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We must act before COVID-19 spells the end of an independent criminal bar

A criminal defence bar, strong and independent, is a pillar of every democracy, writes Bill Trudell

Bill Trudell

Too often these days, we hear the COVID-19 virus has changed everything. It’s far from easy to decide what everything is.

Nevertheless I fear that there is one change that will be demonstrative and fundamentally rock the administration of justice in this country… the disappearance of an independent criminal bar, especially young barristers struggling to earn a living.

Today the courts are essentially closed except for important bail hearings and other emergencies. Trials are adjourned with no reliable dates for resumption. Jury trials are suspended until the fall in most locations and how they will be renewed and even jurors’ willingness to serve in a crowded array will surely be problematic, to say the least. Jordan will once again just be a river in the Middle East.

There will be an enormous and concerted effort to actually replace the right to a jury trial with what will be heralded as a more efficient and arguably expeditious judge-alone trial. Pleas of guilty will be accompanied by substantial discounts.

Over the last number of years, the workload of many criminal lawyers has been steadily declining. The future may see this trend starkly increased. The police have been and will continue to lay fewer charges. Budget restrictions and decriminalization incentives will continue to have a direct effect on the need for defence counsel. The increasing public defender initiatives to reduce legal aid funding for the private bar will only increase. If restorative justice philosophies translate into policies there will be less need for defence counsel. Moreover, society, it seems, may be being jolted into realizing that jails are unhealthy cocoons for viruses and perhaps unnecessary for many offenders.

The emergence of restorative justice and the eventual decrease in incarceration may have a resounding impact on the need for counsel. The COVID virus will and is wreaking havoc on enjoying a collegial office and sharing insight, mentoring, experience and guidance. Unable to afford rent payments, the work-from-home world we now inhabit and the use of electronic communication and Zoom meetings may usher in a new world. Many members of the criminal bar are currently facing and looking ahead to crushing reductions in income.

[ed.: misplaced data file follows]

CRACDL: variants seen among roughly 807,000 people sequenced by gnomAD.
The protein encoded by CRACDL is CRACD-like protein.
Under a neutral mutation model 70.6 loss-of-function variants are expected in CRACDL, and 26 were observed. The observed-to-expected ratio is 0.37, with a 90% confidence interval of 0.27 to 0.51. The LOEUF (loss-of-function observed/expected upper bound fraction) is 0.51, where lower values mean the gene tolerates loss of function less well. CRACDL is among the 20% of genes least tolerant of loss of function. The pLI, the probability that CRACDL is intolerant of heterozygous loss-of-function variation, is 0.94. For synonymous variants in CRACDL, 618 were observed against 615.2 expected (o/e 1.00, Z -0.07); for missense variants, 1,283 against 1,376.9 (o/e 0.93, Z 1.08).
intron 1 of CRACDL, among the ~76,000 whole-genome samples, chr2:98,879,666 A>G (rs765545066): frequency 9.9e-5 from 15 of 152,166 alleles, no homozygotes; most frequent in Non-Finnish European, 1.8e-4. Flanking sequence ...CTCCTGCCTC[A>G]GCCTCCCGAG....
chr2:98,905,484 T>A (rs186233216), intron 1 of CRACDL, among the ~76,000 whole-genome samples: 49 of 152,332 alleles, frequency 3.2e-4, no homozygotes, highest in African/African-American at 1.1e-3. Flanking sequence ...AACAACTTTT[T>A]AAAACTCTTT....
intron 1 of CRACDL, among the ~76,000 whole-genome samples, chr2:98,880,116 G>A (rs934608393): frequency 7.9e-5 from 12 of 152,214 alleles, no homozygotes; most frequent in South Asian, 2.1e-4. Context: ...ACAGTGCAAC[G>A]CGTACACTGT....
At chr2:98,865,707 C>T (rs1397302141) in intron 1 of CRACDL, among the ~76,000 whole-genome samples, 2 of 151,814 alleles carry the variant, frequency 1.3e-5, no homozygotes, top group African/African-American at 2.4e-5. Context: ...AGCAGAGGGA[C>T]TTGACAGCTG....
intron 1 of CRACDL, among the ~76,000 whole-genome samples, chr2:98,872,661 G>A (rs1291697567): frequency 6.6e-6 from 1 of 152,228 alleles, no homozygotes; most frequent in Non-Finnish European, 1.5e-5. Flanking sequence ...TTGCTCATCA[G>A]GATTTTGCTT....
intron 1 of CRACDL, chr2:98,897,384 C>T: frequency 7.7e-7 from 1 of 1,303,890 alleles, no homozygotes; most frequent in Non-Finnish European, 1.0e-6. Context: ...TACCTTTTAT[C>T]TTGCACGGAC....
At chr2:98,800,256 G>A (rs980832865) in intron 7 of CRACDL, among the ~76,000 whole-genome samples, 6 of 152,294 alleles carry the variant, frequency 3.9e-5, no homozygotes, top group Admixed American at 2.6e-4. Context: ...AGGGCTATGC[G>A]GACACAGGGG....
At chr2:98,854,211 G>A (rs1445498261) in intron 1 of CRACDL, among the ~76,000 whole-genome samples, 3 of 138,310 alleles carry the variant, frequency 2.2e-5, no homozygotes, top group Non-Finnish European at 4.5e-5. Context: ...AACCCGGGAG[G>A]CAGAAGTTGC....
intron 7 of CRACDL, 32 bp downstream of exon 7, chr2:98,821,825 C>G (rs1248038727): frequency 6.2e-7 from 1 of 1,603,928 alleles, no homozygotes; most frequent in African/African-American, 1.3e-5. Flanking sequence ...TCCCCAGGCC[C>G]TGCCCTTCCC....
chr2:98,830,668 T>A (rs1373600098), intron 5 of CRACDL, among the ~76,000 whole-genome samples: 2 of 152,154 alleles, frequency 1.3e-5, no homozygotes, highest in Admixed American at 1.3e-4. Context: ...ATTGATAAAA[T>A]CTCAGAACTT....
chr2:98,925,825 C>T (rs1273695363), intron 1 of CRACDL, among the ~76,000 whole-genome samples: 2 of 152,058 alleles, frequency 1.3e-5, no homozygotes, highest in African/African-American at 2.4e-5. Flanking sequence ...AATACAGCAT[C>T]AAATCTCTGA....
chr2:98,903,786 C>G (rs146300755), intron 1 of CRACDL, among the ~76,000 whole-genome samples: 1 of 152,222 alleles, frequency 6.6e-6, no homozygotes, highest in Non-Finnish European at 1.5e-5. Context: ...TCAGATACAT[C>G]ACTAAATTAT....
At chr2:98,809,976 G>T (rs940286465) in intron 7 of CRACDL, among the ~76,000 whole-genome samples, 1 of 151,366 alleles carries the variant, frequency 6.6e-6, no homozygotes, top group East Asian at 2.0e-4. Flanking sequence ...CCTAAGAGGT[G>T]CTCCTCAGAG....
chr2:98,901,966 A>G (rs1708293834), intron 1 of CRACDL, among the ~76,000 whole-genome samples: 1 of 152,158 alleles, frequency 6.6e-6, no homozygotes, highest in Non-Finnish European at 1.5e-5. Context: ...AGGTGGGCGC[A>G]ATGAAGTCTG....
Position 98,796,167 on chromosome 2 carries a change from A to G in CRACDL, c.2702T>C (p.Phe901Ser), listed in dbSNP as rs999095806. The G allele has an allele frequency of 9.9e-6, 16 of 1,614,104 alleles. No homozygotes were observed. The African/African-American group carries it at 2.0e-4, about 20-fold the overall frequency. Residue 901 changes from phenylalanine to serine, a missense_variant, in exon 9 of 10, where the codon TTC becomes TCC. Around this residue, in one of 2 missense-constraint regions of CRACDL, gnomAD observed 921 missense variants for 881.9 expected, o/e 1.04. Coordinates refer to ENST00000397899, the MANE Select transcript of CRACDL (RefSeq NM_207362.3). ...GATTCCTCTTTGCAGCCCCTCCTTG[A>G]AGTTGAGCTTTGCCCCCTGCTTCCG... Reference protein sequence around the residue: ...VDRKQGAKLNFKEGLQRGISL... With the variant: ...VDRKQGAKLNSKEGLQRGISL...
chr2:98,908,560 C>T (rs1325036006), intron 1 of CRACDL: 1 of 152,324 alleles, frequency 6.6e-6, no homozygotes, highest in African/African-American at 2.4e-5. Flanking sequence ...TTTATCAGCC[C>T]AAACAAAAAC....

This may all seem inevitable, and yet it should not be allowed to happen. A criminal defence bar, strong and independent, is a pillar of every democracy. Actually, if we examine the impact of COVID-19 with a wider lens, we may come to realize that certain erosions of our rights are accompanying this pandemic. Tracing with the use of cell phones to locate carriers, their locations and associates is inherently dangerous to privacy rights if the genie stays out of the bottle. Government imposed emergency restrictions from freedom of movement, association and access and ordered confinement with rigorous penalties are open to abuse. Increased police powers go hand in hand with these initiatives. Artificial intelligence used as investigative tools unchecked will be widely abused and likely lead to wrongful convictions. People’s debt levels will be staggering and recovery very difficult. This will inevitably, when coupled with unemployment, lead to unrest, desperation, depression and criminal acting out often just to survive. Partner assaults and uncovering the provocation that often precedes them will require balanced advocacy against zero tolerance policies.

Peering into these windows clearly suggests that strong, courageous and independent defenders will be needed to stand between the individual and the state, quite frankly I suggest as never before.

We need to protect, support and enhance the criminal bar and especially the young crusaders currently struggling and those that will follow. The law societies across this country should immediately cancel, not just suspend membership dues and insurance fees. Governments should be lobbied to set up funding directly accessible by these lawyers, most of whom do not qualify for the current subsidies being introduced. Associations should cancel membership fees and move to donations and government support. The tsunami of the unrepresented where there is no defence counsel able to help will swallow up the system. There must be a concerted determination by governments to fund legal aid programs.

It’s fascinating and should be acknowledged that the criminal bar throughout this country has rushed to defend and rescue, most often for no fee, individuals in need of bail hearings and those languishing in custody. It has been a remarkable demonstration of the essence and passion of the defence lawyer.

There is a motto that many counsel adhere to, that there is no client not worth saving. It is time to realize that the independent defence lawyers are also vitally worth saving.

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